Melded into the metal door at the back of the old Alhambra,
Sheltered by a short canopy that still boasts the glory of its stained green glass,
Maurice tries to move his frozen arm.
All feeling fails him, as he pumps the fingers of his right hand.
The thumping heart rhythms in his ears boom like a bodhran beat.
He is all sensation and no sensation.
Thoughts dart around like the discarded wrappers that visit him briefly, before being whirled away.
Beyond his own breath and the coursing of blood and the cyclonic breeze, he hears nothing.
The fevered morning footfall on the Main Street is as unaware of Maurice as Maurice is of them.
The persuasiveness of the cold, wet amber
Pushes the last wisp of resolve firmly to one side,
Revealing all the old desire.
Sixteen years, aging and maturing
In a vinaigrette of 12 step hope and his mother’s prayers
Hasn’t quenched the fire
Bad days and holy days and Saturdays
All steered well, but not today
Today he is too tired
Eyes off the road, off the goal, on the pint,
Resting in the familiar flow, the gentle tide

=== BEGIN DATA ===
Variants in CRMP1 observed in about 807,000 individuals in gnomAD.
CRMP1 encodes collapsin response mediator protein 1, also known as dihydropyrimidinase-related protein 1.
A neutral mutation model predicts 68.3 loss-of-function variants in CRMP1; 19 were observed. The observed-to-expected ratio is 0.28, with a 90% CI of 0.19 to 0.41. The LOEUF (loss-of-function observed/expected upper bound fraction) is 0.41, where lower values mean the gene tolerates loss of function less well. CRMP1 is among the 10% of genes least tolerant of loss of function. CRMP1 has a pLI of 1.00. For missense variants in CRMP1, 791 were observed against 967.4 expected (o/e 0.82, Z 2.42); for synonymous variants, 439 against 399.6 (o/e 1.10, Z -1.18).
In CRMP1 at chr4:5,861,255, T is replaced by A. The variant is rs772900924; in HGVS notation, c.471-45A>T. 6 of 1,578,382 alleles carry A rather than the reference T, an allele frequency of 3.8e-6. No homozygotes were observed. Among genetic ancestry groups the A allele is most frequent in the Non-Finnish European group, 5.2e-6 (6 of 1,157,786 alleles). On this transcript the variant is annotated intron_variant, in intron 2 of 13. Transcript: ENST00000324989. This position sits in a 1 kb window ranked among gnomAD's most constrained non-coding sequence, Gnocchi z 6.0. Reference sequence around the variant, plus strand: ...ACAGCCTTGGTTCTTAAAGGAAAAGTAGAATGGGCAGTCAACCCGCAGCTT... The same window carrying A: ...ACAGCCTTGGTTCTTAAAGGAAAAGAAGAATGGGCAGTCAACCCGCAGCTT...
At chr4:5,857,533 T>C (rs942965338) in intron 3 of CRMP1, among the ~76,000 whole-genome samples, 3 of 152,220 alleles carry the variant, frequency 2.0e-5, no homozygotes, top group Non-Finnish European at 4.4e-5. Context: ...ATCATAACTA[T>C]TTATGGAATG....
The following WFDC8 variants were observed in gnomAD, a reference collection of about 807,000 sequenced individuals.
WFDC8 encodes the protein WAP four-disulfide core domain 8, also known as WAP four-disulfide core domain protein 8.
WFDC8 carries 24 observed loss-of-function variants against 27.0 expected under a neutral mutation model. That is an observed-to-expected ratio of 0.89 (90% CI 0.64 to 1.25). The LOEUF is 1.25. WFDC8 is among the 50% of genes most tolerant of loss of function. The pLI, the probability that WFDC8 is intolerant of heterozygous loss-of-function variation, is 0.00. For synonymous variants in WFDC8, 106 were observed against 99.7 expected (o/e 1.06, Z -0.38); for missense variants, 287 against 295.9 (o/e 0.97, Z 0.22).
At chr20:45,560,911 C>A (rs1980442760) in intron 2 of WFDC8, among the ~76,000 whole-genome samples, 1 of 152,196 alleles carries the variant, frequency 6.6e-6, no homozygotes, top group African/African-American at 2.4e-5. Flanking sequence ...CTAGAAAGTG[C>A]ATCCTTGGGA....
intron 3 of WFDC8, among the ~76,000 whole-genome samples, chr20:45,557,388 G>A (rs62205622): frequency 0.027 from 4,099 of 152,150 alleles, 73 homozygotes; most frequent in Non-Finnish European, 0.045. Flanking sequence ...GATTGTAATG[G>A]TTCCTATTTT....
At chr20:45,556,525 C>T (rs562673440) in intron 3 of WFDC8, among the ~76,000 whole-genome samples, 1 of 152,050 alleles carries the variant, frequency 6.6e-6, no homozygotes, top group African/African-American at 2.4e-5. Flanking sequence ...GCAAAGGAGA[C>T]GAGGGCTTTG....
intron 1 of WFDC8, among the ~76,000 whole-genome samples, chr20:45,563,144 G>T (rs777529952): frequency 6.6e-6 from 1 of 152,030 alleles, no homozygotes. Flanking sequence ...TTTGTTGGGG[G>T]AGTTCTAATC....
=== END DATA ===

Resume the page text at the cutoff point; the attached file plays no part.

That is going to lift him higher.
His face, a pale, damp mask of resignation, turns to nod towards the door.
“You whore….And take your damn dog with you!
Aye, and all your traps…
your blasted cuckoo clock and lamps,
And all the stuff that drives me quare!”
he strides the stairs, two steps at a time
And pitches all his grasp can hold, regardless.
“Bitch” he mutters as they tumble down;
a dressing gown…
“Take them all”
He sighs; his anger finally spent.
He feels the silence creeping all around him.
Sleep will fill the hollow soon, then dawn will wake the memory of her leaving,
Taking one small case, nine years ago.
Putting the funk in function, you stumble around the room
Odd socks on hardened feet, turned out to meet the world; hopefully.
Hopeful of forgiveness?
Or maybe just fatigue…
A deep tiredness that will overlook your transgressions from the night before.
Wretchedness that will acknowledge wretchedness, like some second cousin; similar but different.
Hopeful that our 35-year dance will allow you to make your porridge in peace…
and move on.
© Kay Liston